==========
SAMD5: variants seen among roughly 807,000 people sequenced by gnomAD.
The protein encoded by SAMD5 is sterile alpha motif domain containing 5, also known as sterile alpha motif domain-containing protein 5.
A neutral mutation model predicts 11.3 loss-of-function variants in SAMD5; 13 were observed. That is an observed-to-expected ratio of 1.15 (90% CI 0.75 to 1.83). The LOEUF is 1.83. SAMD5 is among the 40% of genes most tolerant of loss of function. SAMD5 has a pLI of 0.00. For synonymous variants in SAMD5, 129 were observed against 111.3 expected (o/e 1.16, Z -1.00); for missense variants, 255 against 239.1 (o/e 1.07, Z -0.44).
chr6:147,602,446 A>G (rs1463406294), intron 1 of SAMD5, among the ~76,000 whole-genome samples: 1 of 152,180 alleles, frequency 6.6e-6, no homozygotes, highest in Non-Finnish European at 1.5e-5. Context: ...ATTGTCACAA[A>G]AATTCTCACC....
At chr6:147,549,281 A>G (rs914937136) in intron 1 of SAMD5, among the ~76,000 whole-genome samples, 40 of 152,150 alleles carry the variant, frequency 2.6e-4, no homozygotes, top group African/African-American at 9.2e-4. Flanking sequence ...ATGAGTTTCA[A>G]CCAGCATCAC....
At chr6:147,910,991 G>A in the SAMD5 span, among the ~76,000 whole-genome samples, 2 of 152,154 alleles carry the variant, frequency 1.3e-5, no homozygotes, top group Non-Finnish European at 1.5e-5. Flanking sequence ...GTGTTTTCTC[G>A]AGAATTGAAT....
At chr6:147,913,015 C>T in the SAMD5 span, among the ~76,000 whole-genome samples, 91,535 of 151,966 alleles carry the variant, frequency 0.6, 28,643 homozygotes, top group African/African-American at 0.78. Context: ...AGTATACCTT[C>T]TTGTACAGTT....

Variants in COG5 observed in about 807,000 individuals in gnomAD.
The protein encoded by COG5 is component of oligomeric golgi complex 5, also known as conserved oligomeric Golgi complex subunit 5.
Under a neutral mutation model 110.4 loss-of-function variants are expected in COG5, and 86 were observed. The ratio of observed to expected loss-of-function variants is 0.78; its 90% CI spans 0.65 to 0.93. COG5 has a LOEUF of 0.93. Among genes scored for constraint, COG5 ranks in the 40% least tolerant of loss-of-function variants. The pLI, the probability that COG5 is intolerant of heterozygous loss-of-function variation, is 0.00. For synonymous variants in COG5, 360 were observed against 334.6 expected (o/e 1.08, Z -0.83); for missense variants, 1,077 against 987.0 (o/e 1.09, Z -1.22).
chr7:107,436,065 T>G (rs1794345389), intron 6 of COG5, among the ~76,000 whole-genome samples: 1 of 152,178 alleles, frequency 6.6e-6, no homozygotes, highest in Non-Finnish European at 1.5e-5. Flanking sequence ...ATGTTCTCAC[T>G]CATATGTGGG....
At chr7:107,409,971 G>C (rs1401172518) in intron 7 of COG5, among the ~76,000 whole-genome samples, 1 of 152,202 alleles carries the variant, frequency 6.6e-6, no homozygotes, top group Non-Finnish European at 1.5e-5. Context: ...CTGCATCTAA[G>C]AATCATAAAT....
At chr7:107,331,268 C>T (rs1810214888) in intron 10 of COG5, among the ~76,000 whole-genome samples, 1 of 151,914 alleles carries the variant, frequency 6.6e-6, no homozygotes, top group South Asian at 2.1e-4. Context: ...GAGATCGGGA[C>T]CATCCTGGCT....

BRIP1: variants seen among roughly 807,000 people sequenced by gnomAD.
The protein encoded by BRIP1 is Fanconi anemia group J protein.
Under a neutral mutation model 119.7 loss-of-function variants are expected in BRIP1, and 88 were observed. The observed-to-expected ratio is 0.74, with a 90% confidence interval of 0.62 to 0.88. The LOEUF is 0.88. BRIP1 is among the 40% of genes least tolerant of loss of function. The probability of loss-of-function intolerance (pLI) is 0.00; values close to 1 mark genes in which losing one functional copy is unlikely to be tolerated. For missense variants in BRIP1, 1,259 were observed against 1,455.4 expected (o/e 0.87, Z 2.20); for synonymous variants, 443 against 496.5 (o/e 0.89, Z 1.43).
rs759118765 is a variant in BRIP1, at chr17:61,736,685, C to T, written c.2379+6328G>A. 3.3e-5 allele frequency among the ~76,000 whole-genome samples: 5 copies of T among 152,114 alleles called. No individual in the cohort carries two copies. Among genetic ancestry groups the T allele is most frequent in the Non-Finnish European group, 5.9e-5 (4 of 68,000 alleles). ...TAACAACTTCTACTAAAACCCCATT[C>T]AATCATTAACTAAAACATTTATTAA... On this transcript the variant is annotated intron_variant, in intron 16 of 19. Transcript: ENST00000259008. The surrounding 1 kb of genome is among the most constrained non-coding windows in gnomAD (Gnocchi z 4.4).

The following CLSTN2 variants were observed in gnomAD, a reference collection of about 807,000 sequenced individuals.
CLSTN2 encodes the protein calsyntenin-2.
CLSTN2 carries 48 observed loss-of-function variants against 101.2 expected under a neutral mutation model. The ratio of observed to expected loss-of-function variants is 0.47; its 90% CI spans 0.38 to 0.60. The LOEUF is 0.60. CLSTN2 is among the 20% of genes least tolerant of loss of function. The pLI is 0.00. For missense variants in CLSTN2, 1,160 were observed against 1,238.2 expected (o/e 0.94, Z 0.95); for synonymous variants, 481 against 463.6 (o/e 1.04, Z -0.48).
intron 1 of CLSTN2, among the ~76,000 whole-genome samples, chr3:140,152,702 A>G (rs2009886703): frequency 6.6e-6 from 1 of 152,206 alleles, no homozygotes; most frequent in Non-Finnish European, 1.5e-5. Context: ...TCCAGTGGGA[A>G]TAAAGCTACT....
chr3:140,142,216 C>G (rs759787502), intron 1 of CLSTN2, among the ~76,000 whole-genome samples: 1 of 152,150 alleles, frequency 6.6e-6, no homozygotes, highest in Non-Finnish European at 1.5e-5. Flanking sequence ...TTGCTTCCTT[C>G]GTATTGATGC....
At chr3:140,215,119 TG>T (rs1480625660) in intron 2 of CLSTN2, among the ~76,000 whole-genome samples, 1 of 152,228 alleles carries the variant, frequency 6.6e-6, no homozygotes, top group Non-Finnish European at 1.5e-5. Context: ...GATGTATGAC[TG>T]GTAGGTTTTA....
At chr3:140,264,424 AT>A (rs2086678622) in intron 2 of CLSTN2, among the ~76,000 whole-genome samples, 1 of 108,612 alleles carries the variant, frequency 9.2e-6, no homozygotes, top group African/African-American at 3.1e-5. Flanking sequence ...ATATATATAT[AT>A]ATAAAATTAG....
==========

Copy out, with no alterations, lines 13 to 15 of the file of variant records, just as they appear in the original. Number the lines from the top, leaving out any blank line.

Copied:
At chr7:107,331,268 C>T (rs1810214888) in intron 10 of COG5, among the ~76,000 whole-genome samples, 1 of 151,914 alleles carries the variant, frequency 6.6e-6, no homozygotes, top group South Asian at 2.1e-4. Context: ...GAGATCGGGA[C>T]CATCCTGGCT....

BRIP1: variants seen among roughly 807,000 people sequenced by gnomAD.
The protein encoded by BRIP1 is Fanconi anemia group J protein.